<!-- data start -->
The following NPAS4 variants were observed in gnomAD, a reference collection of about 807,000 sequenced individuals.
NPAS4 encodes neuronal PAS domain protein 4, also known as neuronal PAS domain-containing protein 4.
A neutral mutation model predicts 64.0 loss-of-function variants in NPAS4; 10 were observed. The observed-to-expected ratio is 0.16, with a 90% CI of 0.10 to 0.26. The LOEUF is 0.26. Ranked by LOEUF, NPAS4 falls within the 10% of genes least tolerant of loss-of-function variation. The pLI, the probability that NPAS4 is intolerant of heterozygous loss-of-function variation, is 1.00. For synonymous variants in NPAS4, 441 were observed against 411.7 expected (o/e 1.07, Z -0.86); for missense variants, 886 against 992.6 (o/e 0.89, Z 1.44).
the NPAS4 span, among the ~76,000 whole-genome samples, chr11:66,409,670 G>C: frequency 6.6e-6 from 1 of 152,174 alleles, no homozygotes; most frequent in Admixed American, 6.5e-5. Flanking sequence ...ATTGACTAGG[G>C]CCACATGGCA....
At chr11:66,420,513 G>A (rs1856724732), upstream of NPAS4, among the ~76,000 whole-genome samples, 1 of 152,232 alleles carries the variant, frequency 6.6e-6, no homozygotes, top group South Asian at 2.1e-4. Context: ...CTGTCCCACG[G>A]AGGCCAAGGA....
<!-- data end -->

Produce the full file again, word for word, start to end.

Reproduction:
The following NPAS4 variants were observed in gnomAD, a reference collection of about 807,000 sequenced individuals.
NPAS4 encodes neuronal PAS domain protein 4, also known as neuronal PAS domain-containing protein 4.
A neutral mutation model predicts 64.0 loss-of-function variants in NPAS4; 10 were observed. The observed-to-expected ratio is 0.16, with a 90% CI of 0.10 to 0.26. The LOEUF is 0.26. Ranked by LOEUF, NPAS4 falls within the 10% of genes least tolerant of loss-of-function variation. The pLI, the probability that NPAS4 is intolerant of heterozygous loss-of-function variation, is 1.00. For synonymous variants in NPAS4, 441 were observed against 411.7 expected (o/e 1.07, Z -0.86); for missense variants, 886 against 992.6 (o/e 0.89, Z 1.44).
the NPAS4 span, among the ~76,000 whole-genome samples, chr11:66,409,670 G>C: frequency 6.6e-6 from 1 of 152,174 alleles, no homozygotes; most frequent in Admixed American, 6.5e-5. Flanking sequence ...ATTGACTAGG[G>C]CCACATGGCA....
At chr11:66,420,513 G>A (rs1856724732), upstream of NPAS4, among the ~76,000 whole-genome samples, 1 of 152,232 alleles carries the variant, frequency 6.6e-6, no homozygotes, top group South Asian at 2.1e-4. Context: ...CTGTCCCACG[G>A]AGGCCAAGGA....